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Jury Selection

NEWS
October 7, 2012
Mob soldier Louis "Big Lou" Fazzini pleaded guilty to a racketeering conspiracy charge Friday, just days before jury selection was to begin in a case in which he, mob boss Joseph "Uncle Joe" Ligambi, and six others were to stand trial. Fazzini, 45, is the fourth defendant in the case to enter a guilty plea. He will be sentenced in January and under federal guidelines could receive from 51 to 78 months. Fazzini admitted his involvement in a mob-controlled gambling and loansharking operation.
NEWS
October 2, 2012 | By George Anastasia, Inquirer Staff Writer
Mob associate Louis Barretta was sentenced to 33 months in prison today after admitting his role in an organized crime gambling and loan-sharking operation. Barretta, 48, had pleaded guilty in September. He was sentenced by U.S. District Court Judge Eduardo Robreno following a brief hearing this morning. Barretta, of Philadelphia, was indicted last year along with acting mob boss Joseph "Uncle Joe" Ligambi and 12 others. He is the third defendant to plead guilty and be sentenced.
NEWS
September 18, 2012 | By George Anastasia, Inquirer Staff Writer
He has been described by a federal prosecutor as the leader "of perhaps the most violent drug gang ever seen in Philadelphia. " A top city police official once described him as "pure evil. " Secretly recorded conversations include his boasts about killing witnesses and threatening to kill their families. His underworld philosophy, authorities say, was captured in this chilling explanation of his legal strategy: "Without the witnesses, you don't have no case. . . . No witness, no crime.
NEWS
September 17, 2012 | By Melissa Dribben, Inquirer Staff Writer
The drama that played out in Courtroom 907 of the Criminal Justice Center last week was a classic urban tragedy. The victim - a well-loved, hardworking Ivy League graduate - faced his attacker, an antisocial, high school dropout with homemade tattoos whose only advocate was the defense attorney. But the script deviated. Usually, there is rancor. The victim's friends and relatives testify about how their lives have been damaged and do not hold back their fury at the perpetrator.
NEWS
September 13, 2012 | By Melissa Dribben, INQUIRER STAFF WRITER
Calling the shooting "as close to a homicide as a case could get," Judge Jeffrey Minehart on Wednesday sentenced Christopher Easton to 30 to 60 years in prison. Easton, 21, pleaded guilty Tuesday to attempted murder just as jury selection was about to begin. Easton, also known as Christopher Easter, had held out entering a plea for months hoping that a trial would lead to a shorter sentence. He faced a maximum sentence of 41 to 81 years. He was immediately taken off to prison.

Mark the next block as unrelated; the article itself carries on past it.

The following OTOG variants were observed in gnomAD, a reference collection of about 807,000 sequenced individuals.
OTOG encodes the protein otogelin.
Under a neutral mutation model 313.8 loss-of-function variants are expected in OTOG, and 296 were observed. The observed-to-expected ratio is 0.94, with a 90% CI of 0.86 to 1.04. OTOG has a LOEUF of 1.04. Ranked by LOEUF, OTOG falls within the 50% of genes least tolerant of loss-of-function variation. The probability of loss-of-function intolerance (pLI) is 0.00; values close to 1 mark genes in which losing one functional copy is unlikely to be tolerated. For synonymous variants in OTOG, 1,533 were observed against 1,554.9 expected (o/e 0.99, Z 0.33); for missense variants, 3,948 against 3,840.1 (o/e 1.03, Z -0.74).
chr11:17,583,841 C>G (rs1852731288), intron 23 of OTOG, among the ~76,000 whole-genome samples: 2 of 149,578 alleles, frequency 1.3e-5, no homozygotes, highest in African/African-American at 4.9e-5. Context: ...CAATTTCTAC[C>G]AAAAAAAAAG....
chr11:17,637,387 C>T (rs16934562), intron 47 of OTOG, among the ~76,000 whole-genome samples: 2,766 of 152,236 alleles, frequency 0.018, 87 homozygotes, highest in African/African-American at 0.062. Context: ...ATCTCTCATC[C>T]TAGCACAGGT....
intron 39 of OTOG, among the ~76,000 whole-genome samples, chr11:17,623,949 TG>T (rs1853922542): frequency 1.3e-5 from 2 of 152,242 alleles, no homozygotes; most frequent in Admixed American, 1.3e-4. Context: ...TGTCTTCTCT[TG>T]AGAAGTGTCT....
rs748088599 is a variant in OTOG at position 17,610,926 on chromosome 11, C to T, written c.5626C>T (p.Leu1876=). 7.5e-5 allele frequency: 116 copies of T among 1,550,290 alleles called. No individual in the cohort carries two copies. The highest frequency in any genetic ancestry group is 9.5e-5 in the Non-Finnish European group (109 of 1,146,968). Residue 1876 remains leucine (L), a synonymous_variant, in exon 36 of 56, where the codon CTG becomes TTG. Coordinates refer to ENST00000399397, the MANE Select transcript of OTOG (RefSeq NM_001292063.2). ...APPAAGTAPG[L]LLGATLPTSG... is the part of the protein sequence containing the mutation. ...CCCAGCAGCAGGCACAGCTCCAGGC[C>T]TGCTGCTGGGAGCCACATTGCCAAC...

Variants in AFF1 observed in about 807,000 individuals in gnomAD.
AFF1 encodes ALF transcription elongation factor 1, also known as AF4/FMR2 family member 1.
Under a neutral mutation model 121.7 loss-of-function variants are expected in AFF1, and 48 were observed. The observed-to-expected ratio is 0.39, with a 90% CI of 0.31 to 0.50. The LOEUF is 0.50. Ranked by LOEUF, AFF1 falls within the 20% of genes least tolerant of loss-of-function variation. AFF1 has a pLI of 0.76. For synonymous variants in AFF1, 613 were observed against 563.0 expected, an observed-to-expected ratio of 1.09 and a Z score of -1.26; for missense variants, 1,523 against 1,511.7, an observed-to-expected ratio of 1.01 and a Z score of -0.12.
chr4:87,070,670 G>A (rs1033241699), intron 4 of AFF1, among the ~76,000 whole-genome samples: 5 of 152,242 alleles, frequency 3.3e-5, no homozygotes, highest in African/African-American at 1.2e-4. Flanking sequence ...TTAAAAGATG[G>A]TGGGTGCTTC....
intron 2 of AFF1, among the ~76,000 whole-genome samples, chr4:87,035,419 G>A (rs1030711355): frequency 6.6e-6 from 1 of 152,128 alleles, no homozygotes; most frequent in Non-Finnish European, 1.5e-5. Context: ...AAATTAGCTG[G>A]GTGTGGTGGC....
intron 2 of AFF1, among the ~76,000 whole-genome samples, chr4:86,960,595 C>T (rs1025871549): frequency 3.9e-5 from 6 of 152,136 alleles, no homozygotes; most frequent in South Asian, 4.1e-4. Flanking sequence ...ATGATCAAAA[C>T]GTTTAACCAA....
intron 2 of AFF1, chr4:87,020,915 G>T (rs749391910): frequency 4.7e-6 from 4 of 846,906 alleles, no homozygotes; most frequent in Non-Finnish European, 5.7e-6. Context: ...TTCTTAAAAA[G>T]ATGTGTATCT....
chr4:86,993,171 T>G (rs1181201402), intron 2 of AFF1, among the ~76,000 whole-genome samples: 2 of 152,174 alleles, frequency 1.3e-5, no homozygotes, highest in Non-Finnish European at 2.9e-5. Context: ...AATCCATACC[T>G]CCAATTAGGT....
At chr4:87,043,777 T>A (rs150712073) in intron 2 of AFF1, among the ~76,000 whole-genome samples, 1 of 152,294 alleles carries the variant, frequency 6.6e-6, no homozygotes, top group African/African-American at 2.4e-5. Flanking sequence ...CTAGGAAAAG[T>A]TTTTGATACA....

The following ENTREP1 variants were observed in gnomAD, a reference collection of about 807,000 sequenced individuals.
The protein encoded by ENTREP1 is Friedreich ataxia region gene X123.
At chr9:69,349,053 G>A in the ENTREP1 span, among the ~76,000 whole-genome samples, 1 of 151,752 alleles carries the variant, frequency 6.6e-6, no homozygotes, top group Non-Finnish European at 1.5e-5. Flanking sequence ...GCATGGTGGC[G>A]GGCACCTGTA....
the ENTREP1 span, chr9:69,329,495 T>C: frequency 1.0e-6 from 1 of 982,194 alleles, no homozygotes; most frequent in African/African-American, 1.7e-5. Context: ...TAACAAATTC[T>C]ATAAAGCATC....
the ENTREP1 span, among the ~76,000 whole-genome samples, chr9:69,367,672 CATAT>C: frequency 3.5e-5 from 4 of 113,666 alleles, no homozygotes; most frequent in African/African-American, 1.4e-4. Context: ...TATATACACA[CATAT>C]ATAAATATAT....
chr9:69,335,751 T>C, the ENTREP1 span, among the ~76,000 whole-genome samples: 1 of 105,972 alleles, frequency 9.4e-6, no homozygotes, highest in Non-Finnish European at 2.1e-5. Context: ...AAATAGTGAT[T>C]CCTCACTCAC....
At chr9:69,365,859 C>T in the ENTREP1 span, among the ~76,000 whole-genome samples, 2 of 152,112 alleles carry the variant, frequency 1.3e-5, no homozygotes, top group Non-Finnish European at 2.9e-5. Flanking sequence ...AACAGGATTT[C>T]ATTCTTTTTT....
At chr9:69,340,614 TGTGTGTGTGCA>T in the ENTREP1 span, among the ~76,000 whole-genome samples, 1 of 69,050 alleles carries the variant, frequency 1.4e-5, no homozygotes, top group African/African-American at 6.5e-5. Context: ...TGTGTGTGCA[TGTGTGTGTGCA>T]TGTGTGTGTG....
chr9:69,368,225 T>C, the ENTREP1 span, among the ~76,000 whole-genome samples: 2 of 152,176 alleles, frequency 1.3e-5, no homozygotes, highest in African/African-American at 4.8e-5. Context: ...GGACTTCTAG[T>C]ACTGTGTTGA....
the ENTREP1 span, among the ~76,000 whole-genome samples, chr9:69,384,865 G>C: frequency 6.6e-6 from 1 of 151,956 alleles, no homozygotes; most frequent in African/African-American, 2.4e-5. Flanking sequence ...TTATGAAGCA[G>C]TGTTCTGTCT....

NEWS
September 13, 2012 | By Melissa Dribben, Inquirer Staff Writer
After three hours of testimony that left even the defense attorney moved to the brink of tears, Christopher Easton, 21, a high school dropout from Northern Liberties, was sentenced to 30 to 60 years in prison for the attempted murder of Kevin Neary, a self-employed businessman who lived in the neighborhood. Neary, 29, a graduate of the University of Pennsylvania, was walking home Nov. 15 after a night out with friends when he was mugged on Bodine Street within view of his front door.
NEWS
September 12, 2012 | By Melissa Dribben, INQUIRER STAFF WRITER
After holding out for months, hoping that a trial would lead to a shorter sentence, Christopher Easton pleaded guilty to attempted murder Tuesday morning, just as jury selection was about to begin. Easton, 21, who was arrested in November, admitted to shooting Kevin Neary, a young entrepreneur who lived in Northern Liberties, during an attempted robbery. Neary, 29, a graduate of the University of Pennsylvania, was walking home alone Nov. 15 after a night out with friends when Easton accosted him and demanded his wallet.
NEWS
June 8, 2012 | By Jeremy Roebuck, Inquirer Staff Writer
BELLEFONTE, Pa. - A jury of seven women and five men was seated Wednesday to hear the child sex-abuse case against Jerry Sandusky, setting the stage for opening arguments to begin Monday. The panel's makeup also left little doubt of the shadow that Pennsylvania State University will cast over the former assistant football coach's trial. Of those chosen, at least eight have ties to the college where Sandusky worked for three decades under legendary head coach Joe Paterno before retiring in 1999.
NEWS
June 6, 2012 | By Jeremy Roebuck, Inquirer Staff Writer
About 600 potential jurors are slated to pack Centre County's courthouse Tuesday as lawyers begin the tedious task of finding a dozen who have not already made up their minds about Jerry Sandusky. In a county where the child sex abuse allegations against the former Pennsylvania State University assistant football coach have already tarnished the reputation of a university and led to the downfall of local hero and former head coach Joe Paterno, that task is likely to prove challenging.
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